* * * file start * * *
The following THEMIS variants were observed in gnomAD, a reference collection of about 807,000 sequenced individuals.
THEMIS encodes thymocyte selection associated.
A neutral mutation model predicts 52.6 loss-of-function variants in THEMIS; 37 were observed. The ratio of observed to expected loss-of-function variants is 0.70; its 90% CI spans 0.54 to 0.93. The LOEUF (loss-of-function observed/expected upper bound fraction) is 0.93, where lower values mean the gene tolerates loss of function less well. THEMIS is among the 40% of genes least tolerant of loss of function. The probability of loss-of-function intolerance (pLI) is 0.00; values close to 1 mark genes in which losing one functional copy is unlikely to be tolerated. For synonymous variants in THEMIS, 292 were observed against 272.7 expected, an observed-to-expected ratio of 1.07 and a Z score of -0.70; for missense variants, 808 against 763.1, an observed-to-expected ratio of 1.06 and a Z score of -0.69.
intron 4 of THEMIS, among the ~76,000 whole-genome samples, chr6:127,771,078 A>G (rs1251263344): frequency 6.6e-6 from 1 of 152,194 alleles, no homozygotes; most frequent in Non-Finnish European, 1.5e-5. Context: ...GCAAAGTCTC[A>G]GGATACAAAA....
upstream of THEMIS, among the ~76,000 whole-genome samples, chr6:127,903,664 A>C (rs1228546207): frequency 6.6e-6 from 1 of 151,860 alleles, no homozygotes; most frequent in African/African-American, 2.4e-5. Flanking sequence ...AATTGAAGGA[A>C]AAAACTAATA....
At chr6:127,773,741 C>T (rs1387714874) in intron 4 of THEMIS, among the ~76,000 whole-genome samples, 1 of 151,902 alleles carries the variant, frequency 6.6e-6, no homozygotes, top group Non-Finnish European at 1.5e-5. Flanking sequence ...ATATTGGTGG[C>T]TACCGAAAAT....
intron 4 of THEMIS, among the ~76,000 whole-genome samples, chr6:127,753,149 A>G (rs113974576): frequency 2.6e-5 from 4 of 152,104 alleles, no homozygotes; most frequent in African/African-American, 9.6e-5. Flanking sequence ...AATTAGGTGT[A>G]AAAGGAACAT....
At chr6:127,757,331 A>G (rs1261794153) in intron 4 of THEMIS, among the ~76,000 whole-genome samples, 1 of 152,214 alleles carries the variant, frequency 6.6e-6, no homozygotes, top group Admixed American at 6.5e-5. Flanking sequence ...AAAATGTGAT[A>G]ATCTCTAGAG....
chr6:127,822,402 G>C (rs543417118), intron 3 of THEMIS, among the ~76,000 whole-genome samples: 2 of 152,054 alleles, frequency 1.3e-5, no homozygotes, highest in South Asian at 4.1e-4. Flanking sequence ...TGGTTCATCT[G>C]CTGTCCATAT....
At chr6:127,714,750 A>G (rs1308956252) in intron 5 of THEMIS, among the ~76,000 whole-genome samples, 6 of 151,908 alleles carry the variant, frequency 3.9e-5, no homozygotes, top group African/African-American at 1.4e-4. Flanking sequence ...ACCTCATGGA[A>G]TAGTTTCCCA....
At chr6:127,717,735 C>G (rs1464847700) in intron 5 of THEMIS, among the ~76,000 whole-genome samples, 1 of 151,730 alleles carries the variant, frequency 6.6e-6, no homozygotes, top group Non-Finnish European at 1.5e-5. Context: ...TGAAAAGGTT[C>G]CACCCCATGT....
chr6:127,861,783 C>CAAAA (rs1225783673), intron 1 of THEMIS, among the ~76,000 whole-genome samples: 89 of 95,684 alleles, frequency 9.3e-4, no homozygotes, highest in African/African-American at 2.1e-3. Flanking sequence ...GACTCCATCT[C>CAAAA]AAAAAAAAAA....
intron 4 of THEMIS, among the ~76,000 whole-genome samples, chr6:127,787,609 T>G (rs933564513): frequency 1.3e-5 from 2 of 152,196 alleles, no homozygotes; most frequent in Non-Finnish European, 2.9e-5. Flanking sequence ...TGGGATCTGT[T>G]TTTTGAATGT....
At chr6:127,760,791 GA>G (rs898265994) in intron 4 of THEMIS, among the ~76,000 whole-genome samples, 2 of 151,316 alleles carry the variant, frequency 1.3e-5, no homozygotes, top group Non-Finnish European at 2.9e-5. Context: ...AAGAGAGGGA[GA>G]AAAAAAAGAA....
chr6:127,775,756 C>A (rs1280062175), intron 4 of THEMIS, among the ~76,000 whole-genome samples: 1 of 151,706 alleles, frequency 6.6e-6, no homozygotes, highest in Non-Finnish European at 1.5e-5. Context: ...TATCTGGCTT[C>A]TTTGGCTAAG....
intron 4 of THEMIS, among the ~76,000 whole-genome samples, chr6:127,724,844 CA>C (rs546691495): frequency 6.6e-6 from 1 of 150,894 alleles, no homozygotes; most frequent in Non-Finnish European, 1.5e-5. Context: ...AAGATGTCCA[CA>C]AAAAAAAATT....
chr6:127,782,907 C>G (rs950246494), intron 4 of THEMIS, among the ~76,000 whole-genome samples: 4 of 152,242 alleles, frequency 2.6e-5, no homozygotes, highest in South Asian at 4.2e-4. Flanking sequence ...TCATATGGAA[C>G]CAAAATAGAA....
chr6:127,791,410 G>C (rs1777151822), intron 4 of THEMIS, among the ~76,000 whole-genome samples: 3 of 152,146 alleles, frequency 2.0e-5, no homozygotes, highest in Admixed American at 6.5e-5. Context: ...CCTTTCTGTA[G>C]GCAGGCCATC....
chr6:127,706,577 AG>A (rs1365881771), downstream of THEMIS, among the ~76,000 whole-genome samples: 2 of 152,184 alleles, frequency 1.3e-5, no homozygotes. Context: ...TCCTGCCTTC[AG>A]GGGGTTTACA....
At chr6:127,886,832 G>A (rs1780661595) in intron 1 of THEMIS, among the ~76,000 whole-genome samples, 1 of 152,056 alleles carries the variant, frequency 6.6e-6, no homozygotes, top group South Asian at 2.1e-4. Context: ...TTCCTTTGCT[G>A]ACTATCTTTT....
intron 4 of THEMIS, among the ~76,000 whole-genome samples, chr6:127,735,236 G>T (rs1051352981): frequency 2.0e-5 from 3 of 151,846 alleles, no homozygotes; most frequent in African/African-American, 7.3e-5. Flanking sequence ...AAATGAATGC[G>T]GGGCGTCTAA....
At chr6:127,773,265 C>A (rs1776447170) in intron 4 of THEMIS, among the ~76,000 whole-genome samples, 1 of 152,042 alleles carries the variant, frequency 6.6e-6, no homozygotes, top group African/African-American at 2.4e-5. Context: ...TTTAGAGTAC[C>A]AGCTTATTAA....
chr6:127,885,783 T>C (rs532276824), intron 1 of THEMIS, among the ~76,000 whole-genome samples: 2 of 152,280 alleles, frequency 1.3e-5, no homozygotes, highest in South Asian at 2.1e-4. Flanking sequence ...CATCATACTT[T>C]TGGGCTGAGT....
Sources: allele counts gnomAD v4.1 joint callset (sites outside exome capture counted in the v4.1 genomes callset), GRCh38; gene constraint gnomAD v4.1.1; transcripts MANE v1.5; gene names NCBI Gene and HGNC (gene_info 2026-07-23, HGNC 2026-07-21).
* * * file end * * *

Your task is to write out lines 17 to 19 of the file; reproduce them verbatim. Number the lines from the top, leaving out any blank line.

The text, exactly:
chr6:127,782,907 C>G (rs950246494), intron 4 of THEMIS, among the ~76,000 whole-genome samples: 4 of 152,242 alleles, frequency 2.6e-5, no homozygotes, highest in South Asian at 4.2e-4. Flanking sequence ...TCATATGGAA[C>G]CAAAATAGAA....
chr6:127,791,410 G>C (rs1777151822), intron 4 of THEMIS, among the ~76,000 whole-genome samples: 3 of 152,146 alleles, frequency 2.0e-5, no homozygotes, highest in Admixed American at 6.5e-5. Context: ...CCTTTCTGTA[G>C]GCAGGCCATC....
chr6:127,706,577 AG>A (rs1365881771), downstream of THEMIS, among the ~76,000 whole-genome samples: 2 of 152,184 alleles, frequency 1.3e-5, no homozygotes. Context: ...TCCTGCCTTC[AG>A]GGGGTTTACA....